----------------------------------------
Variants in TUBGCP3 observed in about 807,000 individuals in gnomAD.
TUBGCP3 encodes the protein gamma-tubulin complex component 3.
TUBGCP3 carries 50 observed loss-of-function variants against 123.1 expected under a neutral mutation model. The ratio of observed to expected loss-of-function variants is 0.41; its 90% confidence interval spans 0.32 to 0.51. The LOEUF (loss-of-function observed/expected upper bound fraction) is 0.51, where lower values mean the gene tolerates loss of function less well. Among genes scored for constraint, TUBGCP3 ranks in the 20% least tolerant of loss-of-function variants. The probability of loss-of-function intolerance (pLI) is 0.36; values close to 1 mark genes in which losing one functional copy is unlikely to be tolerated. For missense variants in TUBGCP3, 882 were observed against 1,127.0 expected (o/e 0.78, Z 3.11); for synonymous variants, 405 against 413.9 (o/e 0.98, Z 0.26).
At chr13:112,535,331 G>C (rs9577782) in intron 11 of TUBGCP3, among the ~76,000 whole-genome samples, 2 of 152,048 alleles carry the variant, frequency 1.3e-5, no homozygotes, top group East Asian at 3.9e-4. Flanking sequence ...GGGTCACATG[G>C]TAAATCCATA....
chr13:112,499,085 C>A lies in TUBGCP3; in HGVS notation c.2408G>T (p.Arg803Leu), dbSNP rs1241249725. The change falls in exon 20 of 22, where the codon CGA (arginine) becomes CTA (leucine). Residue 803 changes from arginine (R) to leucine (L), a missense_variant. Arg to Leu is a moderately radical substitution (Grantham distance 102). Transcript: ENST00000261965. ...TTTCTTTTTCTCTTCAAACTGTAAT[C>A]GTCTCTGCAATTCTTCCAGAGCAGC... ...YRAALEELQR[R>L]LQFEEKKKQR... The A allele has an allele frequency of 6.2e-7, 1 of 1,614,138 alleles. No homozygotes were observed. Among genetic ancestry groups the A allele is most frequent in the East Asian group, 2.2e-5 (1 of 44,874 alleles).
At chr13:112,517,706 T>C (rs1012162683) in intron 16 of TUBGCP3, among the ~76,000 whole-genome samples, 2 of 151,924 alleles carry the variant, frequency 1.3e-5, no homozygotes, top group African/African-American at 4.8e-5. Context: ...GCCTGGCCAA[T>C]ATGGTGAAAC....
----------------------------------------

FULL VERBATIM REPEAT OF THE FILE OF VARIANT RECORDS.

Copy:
Variants in TUBGCP3 observed in about 807,000 individuals in gnomAD.
TUBGCP3 encodes the protein gamma-tubulin complex component 3.
TUBGCP3 carries 50 observed loss-of-function variants against 123.1 expected under a neutral mutation model. The ratio of observed to expected loss-of-function variants is 0.41; its 90% confidence interval spans 0.32 to 0.51. The LOEUF (loss-of-function observed/expected upper bound fraction) is 0.51, where lower values mean the gene tolerates loss of function less well. Among genes scored for constraint, TUBGCP3 ranks in the 20% least tolerant of loss-of-function variants. The probability of loss-of-function intolerance (pLI) is 0.36; values close to 1 mark genes in which losing one functional copy is unlikely to be tolerated. For missense variants in TUBGCP3, 882 were observed against 1,127.0 expected (o/e 0.78, Z 3.11); for synonymous variants, 405 against 413.9 (o/e 0.98, Z 0.26).
At chr13:112,535,331 G>C (rs9577782) in intron 11 of TUBGCP3, among the ~76,000 whole-genome samples, 2 of 152,048 alleles carry the variant, frequency 1.3e-5, no homozygotes, top group East Asian at 3.9e-4. Flanking sequence ...GGGTCACATG[G>C]TAAATCCATA....
chr13:112,499,085 C>A lies in TUBGCP3; in HGVS notation c.2408G>T (p.Arg803Leu), dbSNP rs1241249725. The change falls in exon 20 of 22, where the codon CGA (arginine) becomes CTA (leucine). Residue 803 changes from arginine (R) to leucine (L), a missense_variant. Arg to Leu is a moderately radical substitution (Grantham distance 102). Transcript: ENST00000261965. ...TTTCTTTTTCTCTTCAAACTGTAAT[C>A]GTCTCTGCAATTCTTCCAGAGCAGC... ...YRAALEELQR[R>L]LQFEEKKKQR... The A allele has an allele frequency of 6.2e-7, 1 of 1,614,138 alleles. No homozygotes were observed. Among genetic ancestry groups the A allele is most frequent in the East Asian group, 2.2e-5 (1 of 44,874 alleles).
At chr13:112,517,706 T>C (rs1012162683) in intron 16 of TUBGCP3, among the ~76,000 whole-genome samples, 2 of 151,924 alleles carry the variant, frequency 1.3e-5, no homozygotes, top group African/African-American at 4.8e-5. Context: ...GCCTGGCCAA[T>C]ATGGTGAAAC....